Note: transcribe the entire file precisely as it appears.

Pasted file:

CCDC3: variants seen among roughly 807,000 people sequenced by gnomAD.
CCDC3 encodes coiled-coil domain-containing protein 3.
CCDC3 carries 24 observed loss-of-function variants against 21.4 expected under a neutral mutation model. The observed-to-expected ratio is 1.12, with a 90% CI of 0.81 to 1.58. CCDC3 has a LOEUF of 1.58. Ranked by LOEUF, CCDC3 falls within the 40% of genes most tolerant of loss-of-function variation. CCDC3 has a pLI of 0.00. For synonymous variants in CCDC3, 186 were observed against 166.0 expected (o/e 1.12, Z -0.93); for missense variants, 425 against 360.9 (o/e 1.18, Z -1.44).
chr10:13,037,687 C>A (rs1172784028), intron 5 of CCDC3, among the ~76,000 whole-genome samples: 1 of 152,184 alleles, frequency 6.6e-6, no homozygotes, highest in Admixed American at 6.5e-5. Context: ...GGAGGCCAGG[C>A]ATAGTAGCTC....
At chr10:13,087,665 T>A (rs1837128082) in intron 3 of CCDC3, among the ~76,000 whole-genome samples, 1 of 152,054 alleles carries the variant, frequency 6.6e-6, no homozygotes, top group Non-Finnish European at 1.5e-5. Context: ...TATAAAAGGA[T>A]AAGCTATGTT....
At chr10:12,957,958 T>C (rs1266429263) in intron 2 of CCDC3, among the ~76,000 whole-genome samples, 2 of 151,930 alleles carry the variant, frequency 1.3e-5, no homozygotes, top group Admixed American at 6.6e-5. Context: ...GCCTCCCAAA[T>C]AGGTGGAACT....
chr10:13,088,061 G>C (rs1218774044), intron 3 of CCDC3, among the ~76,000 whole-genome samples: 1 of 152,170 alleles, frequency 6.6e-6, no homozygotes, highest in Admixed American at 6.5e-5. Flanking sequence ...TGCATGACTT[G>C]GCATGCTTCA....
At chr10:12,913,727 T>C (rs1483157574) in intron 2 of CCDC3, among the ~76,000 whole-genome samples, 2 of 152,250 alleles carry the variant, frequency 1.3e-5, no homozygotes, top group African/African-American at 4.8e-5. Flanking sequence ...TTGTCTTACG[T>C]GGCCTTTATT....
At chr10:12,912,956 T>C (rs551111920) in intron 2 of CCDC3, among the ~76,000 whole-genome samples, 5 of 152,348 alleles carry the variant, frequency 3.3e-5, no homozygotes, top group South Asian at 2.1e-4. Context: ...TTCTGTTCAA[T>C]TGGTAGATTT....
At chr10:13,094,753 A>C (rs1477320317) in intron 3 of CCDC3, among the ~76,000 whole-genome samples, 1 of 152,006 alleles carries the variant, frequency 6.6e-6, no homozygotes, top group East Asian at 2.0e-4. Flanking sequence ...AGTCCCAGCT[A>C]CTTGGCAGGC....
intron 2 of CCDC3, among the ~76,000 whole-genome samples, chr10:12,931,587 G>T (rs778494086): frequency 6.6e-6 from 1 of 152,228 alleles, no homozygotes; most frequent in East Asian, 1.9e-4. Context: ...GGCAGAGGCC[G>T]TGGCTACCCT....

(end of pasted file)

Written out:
CCDC3: variants seen among roughly 807,000 people sequenced by gnomAD.
CCDC3 encodes coiled-coil domain-containing protein 3.
CCDC3 carries 24 observed loss-of-function variants against 21.4 expected under a neutral mutation model. The observed-to-expected ratio is 1.12, with a 90% CI of 0.81 to 1.58. CCDC3 has a LOEUF of 1.58. Ranked by LOEUF, CCDC3 falls within the 40% of genes most tolerant of loss-of-function variation. CCDC3 has a pLI of 0.00. For synonymous variants in CCDC3, 186 were observed against 166.0 expected (o/e 1.12, Z -0.93); for missense variants, 425 against 360.9 (o/e 1.18, Z -1.44).
chr10:13,037,687 C>A (rs1172784028), intron 5 of CCDC3, among the ~76,000 whole-genome samples: 1 of 152,184 alleles, frequency 6.6e-6, no homozygotes, highest in Admixed American at 6.5e-5. Context: ...GGAGGCCAGG[C>A]ATAGTAGCTC....
At chr10:13,087,665 T>A (rs1837128082) in intron 3 of CCDC3, among the ~76,000 whole-genome samples, 1 of 152,054 alleles carries the variant, frequency 6.6e-6, no homozygotes, top group Non-Finnish European at 1.5e-5. Context: ...TATAAAAGGA[T>A]AAGCTATGTT....
At chr10:12,957,958 T>C (rs1266429263) in intron 2 of CCDC3, among the ~76,000 whole-genome samples, 2 of 151,930 alleles carry the variant, frequency 1.3e-5, no homozygotes, top group Admixed American at 6.6e-5. Context: ...GCCTCCCAAA[T>C]AGGTGGAACT....
chr10:13,088,061 G>C (rs1218774044), intron 3 of CCDC3, among the ~76,000 whole-genome samples: 1 of 152,170 alleles, frequency 6.6e-6, no homozygotes, highest in Admixed American at 6.5e-5. Flanking sequence ...TGCATGACTT[G>C]GCATGCTTCA....
At chr10:12,913,727 T>C (rs1483157574) in intron 2 of CCDC3, among the ~76,000 whole-genome samples, 2 of 152,250 alleles carry the variant, frequency 1.3e-5, no homozygotes, top group African/African-American at 4.8e-5. Flanking sequence ...TTGTCTTACG[T>C]GGCCTTTATT....
At chr10:12,912,956 T>C (rs551111920) in intron 2 of CCDC3, among the ~76,000 whole-genome samples, 5 of 152,348 alleles carry the variant, frequency 3.3e-5, no homozygotes, top group South Asian at 2.1e-4. Context: ...TTCTGTTCAA[T>C]TGGTAGATTT....
At chr10:13,094,753 A>C (rs1477320317) in intron 3 of CCDC3, among the ~76,000 whole-genome samples, 1 of 152,006 alleles carries the variant, frequency 6.6e-6, no homozygotes, top group East Asian at 2.0e-4. Flanking sequence ...AGTCCCAGCT[A>C]CTTGGCAGGC....
intron 2 of CCDC3, among the ~76,000 whole-genome samples, chr10:12,931,587 G>T (rs778494086): frequency 6.6e-6 from 1 of 152,228 alleles, no homozygotes; most frequent in East Asian, 1.9e-4. Context: ...GGCAGAGGCC[G>T]TGGCTACCCT....